View More Content

Circular reference on debt service reserve account - no thanks!

Circular reference on debt service reserve account - no thanks!

Precision is the enemy of flexibility. Have you ever found yourself building your financial model when your coding of a flexible target for the debt service reserve account (”DSRA”) causes a circular reference?

If yes, well welcome to the world of project finance modelling and don’t worry, it is not unusual and you are not the only one at this very minute having the same issue! This situation, in many instances is due to a simple coding error and I would refer you to our tutorial but often, especially if you are repaying debt via a cash sweep mechanism the logic is indeed circular.  Further more this is probably because of the interest earned on the DSRA/c balance causing an issue with tax payments.

How do we solve the circular reference issue?

Well, like most things, there is a way to work around it but as with all fixes, you have to live with a few estimates.  I think that most practical solution to the DSRA circular reference problem is to approximate the target balance. So instead of having two quarters look forward we could use two times the current debt service as our target because:

  • In a steady repayment profile, this will be a very good approximation of future repayments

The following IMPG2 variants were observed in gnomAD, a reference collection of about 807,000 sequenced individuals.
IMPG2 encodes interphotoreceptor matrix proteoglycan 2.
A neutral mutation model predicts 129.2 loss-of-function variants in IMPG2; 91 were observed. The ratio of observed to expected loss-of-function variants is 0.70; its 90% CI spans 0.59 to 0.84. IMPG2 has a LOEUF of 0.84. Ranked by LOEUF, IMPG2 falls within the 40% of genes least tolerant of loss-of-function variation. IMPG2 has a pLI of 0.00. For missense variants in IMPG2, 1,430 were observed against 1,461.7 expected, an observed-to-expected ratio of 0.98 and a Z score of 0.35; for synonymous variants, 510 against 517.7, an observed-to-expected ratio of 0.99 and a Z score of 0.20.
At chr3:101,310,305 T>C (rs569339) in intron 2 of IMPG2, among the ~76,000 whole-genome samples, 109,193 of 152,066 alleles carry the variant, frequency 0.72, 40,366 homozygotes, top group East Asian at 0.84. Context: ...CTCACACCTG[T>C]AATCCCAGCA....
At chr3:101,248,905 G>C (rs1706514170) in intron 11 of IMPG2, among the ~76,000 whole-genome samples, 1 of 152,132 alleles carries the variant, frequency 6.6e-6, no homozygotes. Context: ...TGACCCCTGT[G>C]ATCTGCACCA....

• Even if the repayment is not constant (annuity), we would normally expect the repayment profile to be higher during earlier periods and lower during later periods. This would mean that the approximation would be towards the conservative side.
  • Easy to implement
  • This approach generally keeps the bankers happy and it is generally conservative

If you still insist on a precise target, the only other way to do it would be through a copy paste macro. This means a lot of lost flexibility and makes the data table function (great for Scenario analysis!) of Excel virtually useless. It is a big compromise to make for too little benefit, if you’d ask me.

Its 3am and I just need it to work!

You be the judge if you like this approach, would you rather use a conservative flexible approach or compromise flexibility for negligible benefits? The answer to this question also depends upon how much time you have and at what stage in the transaction you are at!

Happy modelling!

Haydn Palliser
by Haydn Palliser

As a Chartered Professional Engineer, Haydn is experienced across engineering, management consulting and finance. Originally from New Zealand, Haydn now leads Corality's Americas & European headquarters. He has led multi-billion dollar projects across the infrastructure, power and mining sectors globally. Haydn specialises in strategic consulting and transaction advisory services.

Contact Haydn Palliser

view all